Like many of the stops on Mr. Obama’s itinerary over the last several weeks, this four-hour visit had three ingredients: a politically crucial swing state (Pennsylvania), a sympathetic crowd (educators), and camera-friendly backdrop (3- to 5-year-old children).

Before his speech, Mr. Obama dropped in on a classroom, where he watched several groups of children playing with wood blocks, Legos, puzzles, and toy cars and trucks. Later, he told the crowd that the children “choked me up” because they were “so huggable,” adding that his daughters were “still huggable,” though now 5-foot-9 and 5 feet, respectively.

For the president, who has crisscrossed the country in recent weeks to promote a $447 billion jobs plan that is largely economic stimulus, the visit on Tuesday had a different cast: a pledge to be more discriminating in how the government spends money.

But Mr. Obama renewed his criticism of Republicans in Congress, saying they had voted in favor of cutting the financing of Head Start and the Pell Grant program and had blocked a $35 billion piece of the jobs bill aimed at preventing layoffs of teachers.

“The Republicans in Congress have been trying to gut our investments in education,” Mr. Obama said. He described this initiative as part of a series of unilateral measures that the White House is taking because it does not want to wait for Congress to act.

In fact, many Republicans favor tightening standards for Head Start, and the reforms of the program announced by Mr. Obama on Tuesday date back to the Bush administration. White House officials said the Yeadon Regional Head Start Center, which serves 260 children from Delaware County, was an example of a high-performing center.

Mr. Obama’s criticism came during a week in which the Senate, after blocking several pieces of jobs legislation, seems likely to approve the first elements of the jobs package: tax credits to encourage companies to hire returning veterans from Iraq and Afghanistan.

“Obviously we look forward to passage of this very important provision of the American Jobs Act, hope it does pass, and the president will sign it into law,” the White House press secretary, Jay Carney, said to reporters traveling with the president on Air Force One.

But the president was not softening his partisan tone, noting that his job-creation ideas could be paid for if Republicans were willing to allow millionaires pay somewhat more in taxes.

“There is no substitute for Congress doing its job,” he said to noisy applause. “If Congress continues to stand only for dysfunction and delay, then I’m going to move ahead without them.”

(Report by the NYT)

67% Say Strong Religious Beliefs Important in Presidential Candidates; 84% Have Favorable View of Jews

The Public Religion Research Institute has interesting poll results from two recent surveys. They write, “Two-thirds of voters say that it is very important (39%) or somewhat important (28%) for a presidential candidate to have strong religious beliefs. However, roughly 1-in-5 (19%) voters say they would be less likely to vote for a candidate who had strong religious beliefs if those beliefs were very different from their own.”

Reuters’ take away: “When asked about specific religious faiths and the presidency, 29 percent of Americans would be uncomfortable with an evangelical Christian in the job, 53 percent would be uncomfortable with a Mormon, 64 percent with a Muslim, and 67 percent would be uncomfortable with an atheist as president.”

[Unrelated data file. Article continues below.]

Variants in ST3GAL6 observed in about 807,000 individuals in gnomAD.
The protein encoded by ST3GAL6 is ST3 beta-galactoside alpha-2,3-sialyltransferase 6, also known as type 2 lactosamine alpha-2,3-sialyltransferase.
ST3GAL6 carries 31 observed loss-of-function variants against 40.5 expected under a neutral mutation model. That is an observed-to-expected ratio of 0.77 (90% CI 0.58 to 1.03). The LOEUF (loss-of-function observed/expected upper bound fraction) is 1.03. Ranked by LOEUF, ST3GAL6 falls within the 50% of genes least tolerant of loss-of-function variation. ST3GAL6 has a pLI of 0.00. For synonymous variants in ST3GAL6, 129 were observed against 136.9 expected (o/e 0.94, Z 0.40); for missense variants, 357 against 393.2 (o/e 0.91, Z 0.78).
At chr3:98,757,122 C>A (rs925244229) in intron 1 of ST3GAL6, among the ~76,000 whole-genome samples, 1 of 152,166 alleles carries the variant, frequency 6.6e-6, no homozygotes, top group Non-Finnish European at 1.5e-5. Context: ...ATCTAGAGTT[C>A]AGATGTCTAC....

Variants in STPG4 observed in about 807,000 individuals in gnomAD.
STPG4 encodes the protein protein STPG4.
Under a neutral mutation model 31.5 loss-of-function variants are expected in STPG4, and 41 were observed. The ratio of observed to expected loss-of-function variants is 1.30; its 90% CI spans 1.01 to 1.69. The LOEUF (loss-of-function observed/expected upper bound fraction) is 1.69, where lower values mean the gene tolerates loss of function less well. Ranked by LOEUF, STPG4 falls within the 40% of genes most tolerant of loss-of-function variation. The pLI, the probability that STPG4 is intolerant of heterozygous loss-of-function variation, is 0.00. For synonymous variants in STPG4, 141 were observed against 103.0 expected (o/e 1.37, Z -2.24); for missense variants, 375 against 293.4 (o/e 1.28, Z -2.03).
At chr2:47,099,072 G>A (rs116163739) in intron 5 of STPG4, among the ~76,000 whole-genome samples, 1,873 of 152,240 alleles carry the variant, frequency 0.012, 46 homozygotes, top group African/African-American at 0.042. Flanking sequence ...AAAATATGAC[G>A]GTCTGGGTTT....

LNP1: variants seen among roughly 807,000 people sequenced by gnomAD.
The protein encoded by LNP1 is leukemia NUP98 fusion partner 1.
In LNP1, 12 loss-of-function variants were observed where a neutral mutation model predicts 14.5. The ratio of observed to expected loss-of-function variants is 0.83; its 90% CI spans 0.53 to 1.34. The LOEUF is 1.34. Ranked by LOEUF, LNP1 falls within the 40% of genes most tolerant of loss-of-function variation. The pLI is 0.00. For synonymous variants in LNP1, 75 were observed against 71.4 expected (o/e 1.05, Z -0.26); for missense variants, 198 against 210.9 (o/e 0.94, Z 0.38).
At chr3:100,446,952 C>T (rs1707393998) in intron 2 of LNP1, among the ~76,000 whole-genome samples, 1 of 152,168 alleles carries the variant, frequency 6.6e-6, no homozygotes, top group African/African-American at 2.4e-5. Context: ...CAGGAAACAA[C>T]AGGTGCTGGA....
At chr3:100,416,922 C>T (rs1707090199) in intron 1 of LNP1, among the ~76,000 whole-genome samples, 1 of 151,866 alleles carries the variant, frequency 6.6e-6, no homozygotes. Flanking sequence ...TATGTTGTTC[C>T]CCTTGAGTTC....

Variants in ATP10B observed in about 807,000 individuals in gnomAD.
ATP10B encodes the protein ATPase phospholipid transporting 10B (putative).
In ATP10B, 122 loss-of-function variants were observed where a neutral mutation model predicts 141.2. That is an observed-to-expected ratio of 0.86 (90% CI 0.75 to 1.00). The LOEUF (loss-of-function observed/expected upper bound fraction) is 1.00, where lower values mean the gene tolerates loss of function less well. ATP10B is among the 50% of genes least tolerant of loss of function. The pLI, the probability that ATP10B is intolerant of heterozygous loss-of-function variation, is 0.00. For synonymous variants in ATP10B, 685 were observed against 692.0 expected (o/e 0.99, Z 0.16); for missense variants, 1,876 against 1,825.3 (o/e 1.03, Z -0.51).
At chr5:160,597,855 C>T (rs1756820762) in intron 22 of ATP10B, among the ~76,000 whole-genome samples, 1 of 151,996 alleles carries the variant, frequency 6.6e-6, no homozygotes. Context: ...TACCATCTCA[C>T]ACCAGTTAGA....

I asked the Institute why they didn’t survey how people would feel with a Jewish President. They referred me to their survey of late August which shows that 84% have a favorable view of Jews and 83% have a favorable view of Catholics. Therefore, the Institute concluded that few would have an issue with a Catholic or a Jew as POTUS, and therefore they didn’t see a need to survey it now.

67% in the August survey said they have a favorable view of Mormons and 58% said that have a favorable view of Muslims.

Reality Moment for “Occupy Judaism”

Matt Ackerman writes that Occupy Jews may have found themselves experiencing a passing moment of regret late last week when a stray tweet from the main Occupy Wall Street Twitter feed expressed its own “solidarity” with the latest “flotilla” attempt to break Israel’s blockade of Gaza. The tweet was quickly deleted, and the resulting tiff brought out the kind of condemnations from their erstwhile comrades that thrust them into the role of defending Israel (and themselves) online.

All the Occupy Judaism crowd wanted, after all, was that the Arab-Israeli conflict not be a subject of concern for the Occupy Wall Street set, whose grievances were presumably all “economic.” No matter. Saying this was sufficient to get one accused of being “in favor of genocide.” Despite being “vocally anti-occupation and against the Gaza blockade,” an Occupier of Judaism may just find oneself explaining that “taking a position against the occupation can be problematic because for some it means ending Israeli statehood.” (The less said about the pathetic sight of an American Jew in the 21st century tweeting pictures of himself holding signs calling for Israeli-Palestinian peace in order to prove his leftist bona fides, the better.)

The question of whether or not Occupy Wall Street is “anti-Semitic” has been unhelpful from the start, because if you want to make that kind of claim in today’s climate, you have to prove there is something at least vaguely Nazi about what it has to say, whether it’s something about Jews and money, Jewish government control, or what have you. It’s fairly said that people who think this way are likely no more than a fringe of this fringe.

What is probably not fringe, however, is the movement’s anti-Israelism, by which we mean the denial of Jewish collective identity and the right therefore of the Jewish people to a state of their own. That’s why it’s no surprise to see a group called “Existence is Resistance” (and, of course, “resistance is not terrorism”), as well as the views behind it, well represented in the “Occupy” movement from downtown Manhattan to Oakland, California. Indeed, the Judaism Occupiers have even written that “renouncing the state of Israel’s existence” may be a requirement for membership.

Tuesday 11/8/11 Updates!

> Perry Says Keep Military Option Against Iran on the Table.

> Perry Claims VP Biden Probably Knows That Obama’s Policies are a Mess; Perry Avoids the Cain Issue.

> A three-judge panel blocked Texas’s redistricting maps, a blow to Republicans that will most likely give Democrats more seats in the U.S. House.

> Bill Clinton Says Former Presidents Should be Permitted to Run for a Third Term After a Break.

> Romney Piles on Cain While Saying he Hs No Advice for Cain.

> Holder Again Says He Learned About Fast and Furious Only This Year, Despite Getting Memos About it in July 2010.

Facebook Auto Publish Powered By : XYZScripts.com